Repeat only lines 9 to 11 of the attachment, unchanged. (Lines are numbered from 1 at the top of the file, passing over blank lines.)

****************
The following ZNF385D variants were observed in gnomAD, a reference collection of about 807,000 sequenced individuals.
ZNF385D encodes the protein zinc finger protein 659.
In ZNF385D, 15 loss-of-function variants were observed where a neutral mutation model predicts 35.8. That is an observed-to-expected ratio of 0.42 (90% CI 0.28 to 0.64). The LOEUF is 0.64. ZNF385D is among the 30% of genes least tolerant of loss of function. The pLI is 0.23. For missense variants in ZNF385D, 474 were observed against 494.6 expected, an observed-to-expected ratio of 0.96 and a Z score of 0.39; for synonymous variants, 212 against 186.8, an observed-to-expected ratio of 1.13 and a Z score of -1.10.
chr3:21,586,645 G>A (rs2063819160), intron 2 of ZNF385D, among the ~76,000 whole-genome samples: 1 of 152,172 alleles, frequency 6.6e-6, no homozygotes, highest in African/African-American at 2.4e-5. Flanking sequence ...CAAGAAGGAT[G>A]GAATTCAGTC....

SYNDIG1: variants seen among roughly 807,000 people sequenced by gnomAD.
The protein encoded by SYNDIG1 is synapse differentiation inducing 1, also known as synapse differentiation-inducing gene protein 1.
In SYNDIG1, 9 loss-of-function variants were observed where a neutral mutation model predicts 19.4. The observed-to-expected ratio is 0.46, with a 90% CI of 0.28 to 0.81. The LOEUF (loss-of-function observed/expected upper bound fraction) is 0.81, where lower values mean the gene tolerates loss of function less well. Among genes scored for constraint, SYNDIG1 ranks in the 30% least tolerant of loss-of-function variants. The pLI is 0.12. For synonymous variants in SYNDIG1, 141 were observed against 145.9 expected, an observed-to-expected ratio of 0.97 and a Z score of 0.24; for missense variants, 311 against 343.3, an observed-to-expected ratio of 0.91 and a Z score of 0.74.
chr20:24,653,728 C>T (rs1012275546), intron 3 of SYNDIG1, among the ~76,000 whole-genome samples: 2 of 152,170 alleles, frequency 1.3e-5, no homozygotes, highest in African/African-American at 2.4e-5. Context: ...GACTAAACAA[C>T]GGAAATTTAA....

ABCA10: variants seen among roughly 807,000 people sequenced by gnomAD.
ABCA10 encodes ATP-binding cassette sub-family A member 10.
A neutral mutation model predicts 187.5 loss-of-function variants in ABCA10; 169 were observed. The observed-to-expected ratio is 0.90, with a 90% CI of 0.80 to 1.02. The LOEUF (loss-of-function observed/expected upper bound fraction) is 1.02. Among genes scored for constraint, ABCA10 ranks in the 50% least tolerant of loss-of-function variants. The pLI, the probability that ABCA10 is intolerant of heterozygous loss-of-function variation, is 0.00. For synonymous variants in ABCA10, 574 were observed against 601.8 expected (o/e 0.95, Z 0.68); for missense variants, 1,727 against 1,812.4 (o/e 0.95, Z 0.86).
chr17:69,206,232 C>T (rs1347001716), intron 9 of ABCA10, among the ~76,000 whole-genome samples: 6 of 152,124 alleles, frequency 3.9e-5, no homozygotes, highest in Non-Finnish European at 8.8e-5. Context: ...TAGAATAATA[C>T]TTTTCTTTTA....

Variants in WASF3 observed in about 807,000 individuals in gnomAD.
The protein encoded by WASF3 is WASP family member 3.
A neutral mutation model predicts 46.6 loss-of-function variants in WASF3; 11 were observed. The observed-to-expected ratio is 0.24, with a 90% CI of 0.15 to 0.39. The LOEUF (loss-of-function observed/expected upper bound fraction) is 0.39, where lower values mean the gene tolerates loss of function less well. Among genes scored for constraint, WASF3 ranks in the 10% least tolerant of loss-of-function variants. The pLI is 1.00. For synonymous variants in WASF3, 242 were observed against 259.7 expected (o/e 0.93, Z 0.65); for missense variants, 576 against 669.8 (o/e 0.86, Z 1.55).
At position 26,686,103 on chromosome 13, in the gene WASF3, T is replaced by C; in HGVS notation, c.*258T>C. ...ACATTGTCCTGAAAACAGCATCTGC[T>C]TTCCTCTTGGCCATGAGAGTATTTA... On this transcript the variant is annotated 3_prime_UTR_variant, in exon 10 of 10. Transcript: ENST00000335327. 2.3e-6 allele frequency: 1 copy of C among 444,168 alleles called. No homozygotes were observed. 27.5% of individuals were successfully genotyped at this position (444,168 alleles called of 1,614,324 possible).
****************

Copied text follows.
ABCA10: variants seen among roughly 807,000 people sequenced by gnomAD.
ABCA10 encodes ATP-binding cassette sub-family A member 10.
A neutral mutation model predicts 187.5 loss-of-function variants in ABCA10; 169 were observed. The observed-to-expected ratio is 0.90, with a 90% CI of 0.80 to 1.02. The LOEUF (loss-of-function observed/expected upper bound fraction) is 1.02. Among genes scored for constraint, ABCA10 ranks in the 50% least tolerant of loss-of-function variants. The pLI, the probability that ABCA10 is intolerant of heterozygous loss-of-function variation, is 0.00. For synonymous variants in ABCA10, 574 were observed against 601.8 expected (o/e 0.95, Z 0.68); for missense variants, 1,727 against 1,812.4 (o/e 0.95, Z 0.86).